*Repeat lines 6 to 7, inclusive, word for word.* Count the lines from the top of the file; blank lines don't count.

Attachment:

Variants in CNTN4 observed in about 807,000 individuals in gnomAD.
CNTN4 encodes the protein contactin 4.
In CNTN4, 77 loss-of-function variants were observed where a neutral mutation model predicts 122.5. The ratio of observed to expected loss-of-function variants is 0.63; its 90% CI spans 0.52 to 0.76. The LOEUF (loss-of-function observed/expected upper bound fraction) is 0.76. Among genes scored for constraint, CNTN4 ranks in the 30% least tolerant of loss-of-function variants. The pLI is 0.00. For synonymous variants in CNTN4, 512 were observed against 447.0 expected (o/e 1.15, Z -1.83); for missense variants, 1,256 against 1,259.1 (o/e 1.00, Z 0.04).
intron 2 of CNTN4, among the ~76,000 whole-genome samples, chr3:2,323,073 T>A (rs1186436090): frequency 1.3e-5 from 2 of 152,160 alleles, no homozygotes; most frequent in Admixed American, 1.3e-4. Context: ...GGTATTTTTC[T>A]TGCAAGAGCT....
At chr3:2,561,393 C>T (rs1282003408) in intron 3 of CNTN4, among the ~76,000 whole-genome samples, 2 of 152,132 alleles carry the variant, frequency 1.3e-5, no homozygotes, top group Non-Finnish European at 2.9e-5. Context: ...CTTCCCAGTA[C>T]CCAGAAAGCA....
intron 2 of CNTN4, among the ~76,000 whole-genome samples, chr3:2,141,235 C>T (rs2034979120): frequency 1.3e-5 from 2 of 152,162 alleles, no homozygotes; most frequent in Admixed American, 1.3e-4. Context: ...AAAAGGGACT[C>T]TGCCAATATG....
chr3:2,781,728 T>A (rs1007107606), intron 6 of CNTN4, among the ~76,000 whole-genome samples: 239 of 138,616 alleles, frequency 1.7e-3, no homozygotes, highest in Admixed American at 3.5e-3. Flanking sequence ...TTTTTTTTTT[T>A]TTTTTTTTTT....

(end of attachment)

intron 2 of CNTN4, among the ~76,000 whole-genome samples, chr3:2,141,235 C>T (rs2034979120): frequency 1.3e-5 from 2 of 152,162 alleles, no homozygotes; most frequent in Admixed American, 1.3e-4. Context: ...AAAAGGGACT[C>T]TGCCAATATG....
chr3:2,781,728 T>A (rs1007107606), intron 6 of CNTN4, among the ~76,000 whole-genome samples: 239 of 138,616 alleles, frequency 1.7e-3, no homozygotes, highest in Admixed American at 3.5e-3. Flanking sequence ...TTTTTTTTTT[T>A]TTTTTTTTTT....